Manhattan DA Cyrus Vance, meanwhile, informed the state Board of Elections via a letter that “this office has determined that the parties involved cannot be appropriately prosecuted, given their reliance on the advice of counsel”—a reference to the fact that de Blasio and his aides had received legal advice that a scheme to evade contribution limits by having donors give not directly to candidates but to county committees that then shared the money with the candidates was kosher. Since the de Blasio operatives thought they weren’t breaking the law, the logic goes, they can’t have broken the law.

Vance hastened to add: “[T]his conclusion is not an endorsement of the conduct at issue; indeed, the transactions appear contrary to the intent and spirit of the laws that impose candidate contribution limits, laws which are meant to prevent ‘corruption and the appearance of corruption’ in the campaign financing process.”

The prosecutors’ statements were far from an exoneration of the mayor. As with the James Comey press conference this summer on the Hillary Clinton email investigation, where the FBI director’s harsh language about the Democratic nominee made bigger headlines than his decision not to charge her, the Kim and Vance statements could be used as evidence against de Blasio in the court of public opinion.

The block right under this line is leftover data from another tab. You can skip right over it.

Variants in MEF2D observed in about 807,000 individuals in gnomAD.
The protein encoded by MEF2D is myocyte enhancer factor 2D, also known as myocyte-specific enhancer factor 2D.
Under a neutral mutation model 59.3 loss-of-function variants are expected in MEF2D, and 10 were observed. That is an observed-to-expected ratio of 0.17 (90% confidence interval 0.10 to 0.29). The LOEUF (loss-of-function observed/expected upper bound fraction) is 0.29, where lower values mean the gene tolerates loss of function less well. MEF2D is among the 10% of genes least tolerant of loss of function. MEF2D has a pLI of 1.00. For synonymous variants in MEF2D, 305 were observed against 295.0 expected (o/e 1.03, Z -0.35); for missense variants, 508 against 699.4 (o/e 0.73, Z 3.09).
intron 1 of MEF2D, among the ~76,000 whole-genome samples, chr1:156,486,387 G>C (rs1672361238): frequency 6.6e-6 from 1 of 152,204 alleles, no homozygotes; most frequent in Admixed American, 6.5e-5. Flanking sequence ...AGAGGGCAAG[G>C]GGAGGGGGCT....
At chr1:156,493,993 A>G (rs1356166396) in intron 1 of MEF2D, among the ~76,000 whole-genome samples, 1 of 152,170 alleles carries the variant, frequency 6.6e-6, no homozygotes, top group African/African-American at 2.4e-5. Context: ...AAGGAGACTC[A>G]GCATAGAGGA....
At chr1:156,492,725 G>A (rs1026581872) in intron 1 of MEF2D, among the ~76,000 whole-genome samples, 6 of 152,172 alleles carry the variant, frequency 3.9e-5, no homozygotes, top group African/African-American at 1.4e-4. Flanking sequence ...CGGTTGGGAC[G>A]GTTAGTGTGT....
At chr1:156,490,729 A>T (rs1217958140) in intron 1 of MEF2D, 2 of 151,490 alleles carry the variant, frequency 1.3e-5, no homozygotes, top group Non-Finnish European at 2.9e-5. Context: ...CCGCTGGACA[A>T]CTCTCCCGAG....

That’s a little worrying: Prosecutors aren’t supposed to be the arbiters of right and wrong. They’re supposed to charge and try people for breaking the law and leave those whom they don’t charge alone. It’s dangerous to invest those offices with some deeper wisdom or authority to pass judgement on the people we duly elect to lead us.

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De Blasio will, however, very likely be elected again. The smart money was already on him, and today’s news tilts the odds even more in his favor. As Bradley Tusk, the former Bloomberg adviser who has been recruiting Democrats to run against de Blasio, said Thursday, “Although the city deserves far better than this, the people best positioned to succeed in a Democratic primary are now unlikely to run, and we should therefore expect four more years of Bill de Blasio.” Paul Massey, the Republican real-estate magnate best positioned to challenge de Blasio in November, warned on Thursday that he’ll be reminding voters about the corruption investigation as the election approaches. Massey has the money and time to make inroads against the incumbent but he faces a huge registration disadvantage in a city where—with Donald Trump taking a jagged axe to the ideals and programs New Yorkers hold dear—the Republican brand is a concrete block sinking in the deepest part of the East River.